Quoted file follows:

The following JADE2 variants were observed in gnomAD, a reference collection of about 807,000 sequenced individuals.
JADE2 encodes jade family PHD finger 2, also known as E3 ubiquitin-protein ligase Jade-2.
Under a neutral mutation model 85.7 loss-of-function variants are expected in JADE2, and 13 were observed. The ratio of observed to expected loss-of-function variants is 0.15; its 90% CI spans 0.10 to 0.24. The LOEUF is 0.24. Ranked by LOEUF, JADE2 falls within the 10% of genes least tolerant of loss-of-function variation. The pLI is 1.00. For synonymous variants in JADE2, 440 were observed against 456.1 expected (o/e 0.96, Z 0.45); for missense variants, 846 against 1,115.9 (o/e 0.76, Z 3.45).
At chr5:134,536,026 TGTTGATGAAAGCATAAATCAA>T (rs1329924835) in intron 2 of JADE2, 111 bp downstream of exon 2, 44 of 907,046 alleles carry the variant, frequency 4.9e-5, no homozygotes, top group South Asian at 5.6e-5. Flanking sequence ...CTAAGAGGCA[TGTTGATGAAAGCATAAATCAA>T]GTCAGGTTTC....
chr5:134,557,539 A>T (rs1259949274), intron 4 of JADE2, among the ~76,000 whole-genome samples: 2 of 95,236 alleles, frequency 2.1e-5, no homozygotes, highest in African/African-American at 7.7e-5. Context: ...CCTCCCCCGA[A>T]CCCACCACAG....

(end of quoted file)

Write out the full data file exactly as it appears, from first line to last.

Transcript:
The following JADE2 variants were observed in gnomAD, a reference collection of about 807,000 sequenced individuals.
JADE2 encodes jade family PHD finger 2, also known as E3 ubiquitin-protein ligase Jade-2.
Under a neutral mutation model 85.7 loss-of-function variants are expected in JADE2, and 13 were observed. The ratio of observed to expected loss-of-function variants is 0.15; its 90% CI spans 0.10 to 0.24. The LOEUF is 0.24. Ranked by LOEUF, JADE2 falls within the 10% of genes least tolerant of loss-of-function variation. The pLI is 1.00. For synonymous variants in JADE2, 440 were observed against 456.1 expected (o/e 0.96, Z 0.45); for missense variants, 846 against 1,115.9 (o/e 0.76, Z 3.45).
At chr5:134,536,026 TGTTGATGAAAGCATAAATCAA>T (rs1329924835) in intron 2 of JADE2, 111 bp downstream of exon 2, 44 of 907,046 alleles carry the variant, frequency 4.9e-5, no homozygotes, top group South Asian at 5.6e-5. Flanking sequence ...CTAAGAGGCA[TGTTGATGAAAGCATAAATCAA>T]GTCAGGTTTC....
chr5:134,557,539 A>T (rs1259949274), intron 4 of JADE2, among the ~76,000 whole-genome samples: 2 of 95,236 alleles, frequency 2.1e-5, no homozygotes, highest in African/African-American at 7.7e-5. Context: ...CCTCCCCCGA[A>T]CCCACCACAG....